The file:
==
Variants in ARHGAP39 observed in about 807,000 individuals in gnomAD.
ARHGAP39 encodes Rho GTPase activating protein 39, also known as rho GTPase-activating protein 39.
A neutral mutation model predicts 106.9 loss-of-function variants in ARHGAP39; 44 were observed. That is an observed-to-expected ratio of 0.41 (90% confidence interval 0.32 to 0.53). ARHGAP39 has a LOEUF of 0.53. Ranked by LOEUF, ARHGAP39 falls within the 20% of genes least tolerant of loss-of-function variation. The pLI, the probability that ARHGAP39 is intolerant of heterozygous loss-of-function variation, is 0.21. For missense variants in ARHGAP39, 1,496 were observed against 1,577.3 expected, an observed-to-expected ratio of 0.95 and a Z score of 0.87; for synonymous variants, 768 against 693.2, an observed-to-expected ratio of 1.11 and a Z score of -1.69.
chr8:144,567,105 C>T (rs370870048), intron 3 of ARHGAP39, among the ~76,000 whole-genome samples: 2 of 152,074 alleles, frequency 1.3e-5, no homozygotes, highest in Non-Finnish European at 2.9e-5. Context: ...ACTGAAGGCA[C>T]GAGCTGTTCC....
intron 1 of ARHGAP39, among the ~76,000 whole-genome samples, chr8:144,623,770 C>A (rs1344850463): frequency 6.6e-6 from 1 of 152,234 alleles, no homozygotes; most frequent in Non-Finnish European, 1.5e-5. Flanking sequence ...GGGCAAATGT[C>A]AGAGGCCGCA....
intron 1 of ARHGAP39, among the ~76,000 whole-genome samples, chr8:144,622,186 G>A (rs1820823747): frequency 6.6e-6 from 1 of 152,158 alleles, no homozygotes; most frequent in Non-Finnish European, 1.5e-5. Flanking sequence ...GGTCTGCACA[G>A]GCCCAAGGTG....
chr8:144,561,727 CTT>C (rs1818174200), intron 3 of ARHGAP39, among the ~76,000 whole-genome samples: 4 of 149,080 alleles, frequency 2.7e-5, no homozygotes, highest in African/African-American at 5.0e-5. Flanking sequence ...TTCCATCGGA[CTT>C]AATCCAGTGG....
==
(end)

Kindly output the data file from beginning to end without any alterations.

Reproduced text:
Variants in ARHGAP39 observed in about 807,000 individuals in gnomAD.
ARHGAP39 encodes Rho GTPase activating protein 39, also known as rho GTPase-activating protein 39.
A neutral mutation model predicts 106.9 loss-of-function variants in ARHGAP39; 44 were observed. That is an observed-to-expected ratio of 0.41 (90% confidence interval 0.32 to 0.53). ARHGAP39 has a LOEUF of 0.53. Ranked by LOEUF, ARHGAP39 falls within the 20% of genes least tolerant of loss-of-function variation. The pLI, the probability that ARHGAP39 is intolerant of heterozygous loss-of-function variation, is 0.21. For missense variants in ARHGAP39, 1,496 were observed against 1,577.3 expected, an observed-to-expected ratio of 0.95 and a Z score of 0.87; for synonymous variants, 768 against 693.2, an observed-to-expected ratio of 1.11 and a Z score of -1.69.
chr8:144,567,105 C>T (rs370870048), intron 3 of ARHGAP39, among the ~76,000 whole-genome samples: 2 of 152,074 alleles, frequency 1.3e-5, no homozygotes, highest in Non-Finnish European at 2.9e-5. Context: ...ACTGAAGGCA[C>T]GAGCTGTTCC....
intron 1 of ARHGAP39, among the ~76,000 whole-genome samples, chr8:144,623,770 C>A (rs1344850463): frequency 6.6e-6 from 1 of 152,234 alleles, no homozygotes; most frequent in Non-Finnish European, 1.5e-5. Flanking sequence ...GGGCAAATGT[C>A]AGAGGCCGCA....
intron 1 of ARHGAP39, among the ~76,000 whole-genome samples, chr8:144,622,186 G>A (rs1820823747): frequency 6.6e-6 from 1 of 152,158 alleles, no homozygotes; most frequent in Non-Finnish European, 1.5e-5. Flanking sequence ...GGTCTGCACA[G>A]GCCCAAGGTG....
chr8:144,561,727 CTT>C (rs1818174200), intron 3 of ARHGAP39, among the ~76,000 whole-genome samples: 4 of 149,080 alleles, frequency 2.7e-5, no homozygotes, highest in African/African-American at 5.0e-5. Flanking sequence ...TTCCATCGGA[CTT>C]AATCCAGTGG....